Let's not beat about the bush: most actresses would give a body part just to be nominated for a Bafta. An evening with the stars of stage and screen, being anointed the best of the best, would be one of the happiest moments of their lives. For Juliet Stevenson, not so much. It's not that she is ungrateful: she could not be more flattered. And the award itself is lovely. The problem isn't the gong, it's what comes after: the dreaded showbiz party.
Tonight's feast of air-kissing and glad-handing looms courtesy of her genuinely harrowing performance as a grieving mother in the BBC television drama The Accused. Stevenson is dreading the prospect so much, she has avoided even trying on her party frock. "I've been lent some dresses by Armani, which is very kind of them, but I haven't had the chance to try them on yet," she says.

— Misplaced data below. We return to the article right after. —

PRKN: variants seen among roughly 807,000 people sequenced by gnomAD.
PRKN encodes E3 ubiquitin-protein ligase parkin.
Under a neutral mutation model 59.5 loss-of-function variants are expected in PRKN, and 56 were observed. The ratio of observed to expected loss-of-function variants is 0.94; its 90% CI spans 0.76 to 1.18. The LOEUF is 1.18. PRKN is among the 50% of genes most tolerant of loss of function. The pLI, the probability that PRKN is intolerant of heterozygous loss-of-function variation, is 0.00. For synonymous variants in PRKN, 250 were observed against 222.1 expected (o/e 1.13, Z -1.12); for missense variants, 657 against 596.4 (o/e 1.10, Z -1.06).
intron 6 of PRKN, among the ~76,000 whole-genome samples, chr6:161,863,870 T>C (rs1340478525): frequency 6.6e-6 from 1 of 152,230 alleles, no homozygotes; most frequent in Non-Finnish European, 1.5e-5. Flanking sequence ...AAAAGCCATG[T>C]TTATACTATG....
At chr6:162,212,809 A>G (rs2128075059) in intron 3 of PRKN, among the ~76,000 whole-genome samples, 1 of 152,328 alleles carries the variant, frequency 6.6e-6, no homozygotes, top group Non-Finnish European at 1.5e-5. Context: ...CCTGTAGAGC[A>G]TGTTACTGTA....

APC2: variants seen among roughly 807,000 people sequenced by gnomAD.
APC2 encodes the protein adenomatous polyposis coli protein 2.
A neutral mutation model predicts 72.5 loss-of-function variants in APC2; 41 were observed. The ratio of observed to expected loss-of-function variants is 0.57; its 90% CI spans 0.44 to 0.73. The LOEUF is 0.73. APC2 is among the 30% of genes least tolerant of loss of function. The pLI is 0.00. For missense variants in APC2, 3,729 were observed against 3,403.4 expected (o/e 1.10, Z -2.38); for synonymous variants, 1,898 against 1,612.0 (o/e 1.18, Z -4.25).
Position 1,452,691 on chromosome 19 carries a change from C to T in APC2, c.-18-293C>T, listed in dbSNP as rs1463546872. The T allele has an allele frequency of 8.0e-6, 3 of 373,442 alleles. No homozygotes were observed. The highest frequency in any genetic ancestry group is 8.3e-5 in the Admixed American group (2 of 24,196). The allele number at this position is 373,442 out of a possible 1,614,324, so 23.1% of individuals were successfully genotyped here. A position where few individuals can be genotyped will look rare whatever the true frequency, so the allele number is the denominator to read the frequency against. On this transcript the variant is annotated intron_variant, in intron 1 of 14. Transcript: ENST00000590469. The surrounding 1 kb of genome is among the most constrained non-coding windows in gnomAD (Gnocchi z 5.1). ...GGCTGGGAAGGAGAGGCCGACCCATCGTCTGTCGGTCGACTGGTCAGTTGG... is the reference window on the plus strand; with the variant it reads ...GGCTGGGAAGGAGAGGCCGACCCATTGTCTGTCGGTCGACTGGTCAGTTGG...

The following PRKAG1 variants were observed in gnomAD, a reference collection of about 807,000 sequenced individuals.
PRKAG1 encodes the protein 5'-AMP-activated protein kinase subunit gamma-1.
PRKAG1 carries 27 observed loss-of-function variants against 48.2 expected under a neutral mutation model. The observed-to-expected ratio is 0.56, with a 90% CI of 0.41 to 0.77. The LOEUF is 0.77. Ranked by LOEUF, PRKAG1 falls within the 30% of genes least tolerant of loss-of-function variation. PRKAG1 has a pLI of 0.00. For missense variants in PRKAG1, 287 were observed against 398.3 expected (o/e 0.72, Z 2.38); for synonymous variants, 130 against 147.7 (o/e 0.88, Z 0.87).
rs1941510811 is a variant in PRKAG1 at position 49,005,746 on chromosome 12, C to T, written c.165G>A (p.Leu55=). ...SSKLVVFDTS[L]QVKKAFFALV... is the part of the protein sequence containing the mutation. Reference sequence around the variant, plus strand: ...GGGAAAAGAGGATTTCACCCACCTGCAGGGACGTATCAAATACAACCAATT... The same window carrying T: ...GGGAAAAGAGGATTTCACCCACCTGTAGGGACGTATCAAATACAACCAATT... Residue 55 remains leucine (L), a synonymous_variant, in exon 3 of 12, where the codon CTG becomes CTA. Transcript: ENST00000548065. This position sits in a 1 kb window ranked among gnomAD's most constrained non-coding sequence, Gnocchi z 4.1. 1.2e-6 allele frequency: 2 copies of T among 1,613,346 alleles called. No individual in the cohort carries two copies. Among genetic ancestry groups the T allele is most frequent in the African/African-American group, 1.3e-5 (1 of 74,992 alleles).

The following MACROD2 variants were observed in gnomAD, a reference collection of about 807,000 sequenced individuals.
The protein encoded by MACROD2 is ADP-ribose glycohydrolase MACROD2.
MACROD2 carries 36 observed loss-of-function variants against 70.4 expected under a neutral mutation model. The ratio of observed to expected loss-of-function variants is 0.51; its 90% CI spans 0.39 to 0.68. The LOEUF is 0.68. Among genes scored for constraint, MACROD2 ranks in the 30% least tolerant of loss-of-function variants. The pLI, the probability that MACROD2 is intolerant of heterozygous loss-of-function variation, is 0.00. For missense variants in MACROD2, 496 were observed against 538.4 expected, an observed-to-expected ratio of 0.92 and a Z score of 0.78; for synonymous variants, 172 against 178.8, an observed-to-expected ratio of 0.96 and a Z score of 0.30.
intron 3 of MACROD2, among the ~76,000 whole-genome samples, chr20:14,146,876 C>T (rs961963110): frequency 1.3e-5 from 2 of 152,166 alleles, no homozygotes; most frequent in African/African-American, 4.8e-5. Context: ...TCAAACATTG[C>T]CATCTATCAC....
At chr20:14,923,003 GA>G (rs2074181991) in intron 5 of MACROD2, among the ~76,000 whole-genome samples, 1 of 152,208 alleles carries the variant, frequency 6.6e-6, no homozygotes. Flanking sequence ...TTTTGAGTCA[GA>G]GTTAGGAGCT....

"I find gatherings of the industry a bit of a challenge. I try to be grown-up and tell myself they're to be enjoyed but, truthfully, I don't. I don't quite know who I am at them: dressing up and all that stuff. I feel I'm playing some sort of role but I've got no script and no director."
Ordinarily, the actress takes along a touchstone of normality in the form of her long-term partner and father of her two children, the anthropologist Hugh Brody. This year, however, Brody is away for work so she has called on her teenage daughter Rosalind, an aspiring actress. "She will love it. My daughter will want me to head for the fittest-looking twentysomething young men, but I won't be. I'll be looking for my mates."